Saturday, June 27, 2015

Wisdom from Julia Child

I recently finished reading My Life in France by Julia Child, and oh my goodness I have so much to say. To start, I always knew I would enjoy reading Julia Child's book after watching the ever flawless Meryl Streep portray her in Julie and Julia (which, by the way, could use a little less Julie and a little more Julia, but I digress). Anyway, I was completely right, because not only was I entirely immersed while reading about parisian markets, homes in Provence, and cooking lessons at Le Cordon Bleu, but I was also absolutely inspired by Julia Child.

 When I finally closed the book, I did so with such a strong sense of admiration for a woman who fearlessly dove into a new passion for french cooking at the age of 37. As she recounts the stories of her time in Europe with her husband Paul, it's so hard not to fall in love with her zeal for life and her willingness to work harder than anyone else in pursuit of her goals. 

There are so many moments in the book where Julia shares insights about life, which while reading, I took as advice and jotted down. Below are my five favorite lessons learned from Julia Child's My Life in France.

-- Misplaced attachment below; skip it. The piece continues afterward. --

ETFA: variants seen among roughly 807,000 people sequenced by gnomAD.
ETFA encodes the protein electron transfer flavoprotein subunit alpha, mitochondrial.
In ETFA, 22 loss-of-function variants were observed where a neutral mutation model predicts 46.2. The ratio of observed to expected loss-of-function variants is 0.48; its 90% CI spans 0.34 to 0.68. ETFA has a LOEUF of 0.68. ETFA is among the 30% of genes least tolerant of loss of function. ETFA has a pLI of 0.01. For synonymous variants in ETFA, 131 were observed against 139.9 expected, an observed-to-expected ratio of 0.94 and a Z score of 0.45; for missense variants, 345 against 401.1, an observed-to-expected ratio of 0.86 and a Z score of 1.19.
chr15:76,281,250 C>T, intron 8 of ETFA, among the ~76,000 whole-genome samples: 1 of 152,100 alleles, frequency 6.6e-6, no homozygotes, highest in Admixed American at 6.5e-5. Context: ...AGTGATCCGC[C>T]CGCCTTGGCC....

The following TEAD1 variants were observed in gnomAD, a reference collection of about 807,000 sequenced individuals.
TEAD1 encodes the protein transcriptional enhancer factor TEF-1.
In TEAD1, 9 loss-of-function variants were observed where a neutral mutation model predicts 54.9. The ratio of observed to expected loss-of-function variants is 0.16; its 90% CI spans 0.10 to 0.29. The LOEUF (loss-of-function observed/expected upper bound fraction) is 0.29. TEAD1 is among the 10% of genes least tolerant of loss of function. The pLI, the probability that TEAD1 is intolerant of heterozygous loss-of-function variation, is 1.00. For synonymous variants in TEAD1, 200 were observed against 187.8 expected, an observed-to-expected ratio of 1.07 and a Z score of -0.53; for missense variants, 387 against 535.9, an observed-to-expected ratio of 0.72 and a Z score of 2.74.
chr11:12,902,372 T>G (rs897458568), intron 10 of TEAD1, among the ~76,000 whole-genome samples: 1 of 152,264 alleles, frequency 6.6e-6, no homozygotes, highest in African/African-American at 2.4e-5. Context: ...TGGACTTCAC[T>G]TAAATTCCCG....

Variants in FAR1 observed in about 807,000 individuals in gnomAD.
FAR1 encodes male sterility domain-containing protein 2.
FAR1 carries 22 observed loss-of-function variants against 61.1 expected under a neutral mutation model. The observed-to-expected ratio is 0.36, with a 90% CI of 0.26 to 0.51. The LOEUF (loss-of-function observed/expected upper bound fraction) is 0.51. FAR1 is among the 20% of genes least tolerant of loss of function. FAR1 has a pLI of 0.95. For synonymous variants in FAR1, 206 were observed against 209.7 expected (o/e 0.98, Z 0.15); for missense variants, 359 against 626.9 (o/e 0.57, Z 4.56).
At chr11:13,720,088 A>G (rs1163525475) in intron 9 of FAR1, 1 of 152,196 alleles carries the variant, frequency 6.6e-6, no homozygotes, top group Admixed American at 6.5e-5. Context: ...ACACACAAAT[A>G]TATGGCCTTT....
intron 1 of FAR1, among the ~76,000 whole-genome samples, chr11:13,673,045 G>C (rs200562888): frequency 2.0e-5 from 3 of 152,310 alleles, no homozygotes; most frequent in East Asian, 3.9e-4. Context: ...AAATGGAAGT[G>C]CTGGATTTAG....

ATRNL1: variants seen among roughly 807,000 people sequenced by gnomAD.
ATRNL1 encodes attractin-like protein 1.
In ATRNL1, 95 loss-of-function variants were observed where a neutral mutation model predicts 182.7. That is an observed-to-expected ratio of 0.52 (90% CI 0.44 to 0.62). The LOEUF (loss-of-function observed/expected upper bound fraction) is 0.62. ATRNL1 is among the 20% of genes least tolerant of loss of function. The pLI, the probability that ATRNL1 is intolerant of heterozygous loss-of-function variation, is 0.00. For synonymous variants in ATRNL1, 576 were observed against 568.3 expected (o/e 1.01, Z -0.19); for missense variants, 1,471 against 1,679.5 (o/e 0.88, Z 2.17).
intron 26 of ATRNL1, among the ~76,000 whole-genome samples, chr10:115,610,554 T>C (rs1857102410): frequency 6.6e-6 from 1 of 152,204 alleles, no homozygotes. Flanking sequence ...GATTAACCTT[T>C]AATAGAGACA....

1. "But is anyone ever completely ready for a new undertaking, especially in a profession like cooking, where there are a hundred ways to cook a potato?"
Julia and her two friends had a few students sign up for their cooking lessons before they felt fully ready to be teachers. Her quote is a nice reminder from that it's ok not to feel 100% prepared for something. Sometimes you just have to dive right in and hope for the best. "Allons-y," as Julia would say.  

2. "I made sure not to apologize for it. This was a rule of mine." 
Julia doesn't believe a hostess should ever apologize for a bad meal even when she was first learning to cook. "Maybe the cat has fallen into the stew, or the lettuce has frozen, or the cake has collapsed- eh bien, tant pis!" Apologizing is uncomfortable for everyone and unnecessarily calls attention to your faults. Learn from the mistake and move on.  

3. "One of the secrets, and pleasures, of cooking is to learn to correct something if it goes awry; and one of the lessons is to grin and bear it if it cannot be fixed." 
This was Julia's reasoning for filming her first show for The French Chef in one uninterrupted 30 minute take. I love that Julia wanted her show to imitate life in all its imperfection. Mistakes are lessons. Side Note: The French Chef is amazing and I am dying to make this chocolate mousse soon! 

4. "No one's more important than people"
Julia said this was a favorite phrase between her and Paul, and no doubt why they had so many friends. Julia explained it by saying "friendship is the most important thing- not career or housework, or one's fatigue- and it needs to be tended and nurtured." 

5. "The pleasures of the table, and of life, are infinite"
No explanation needed. Thanks for the wisdom, Julia. 
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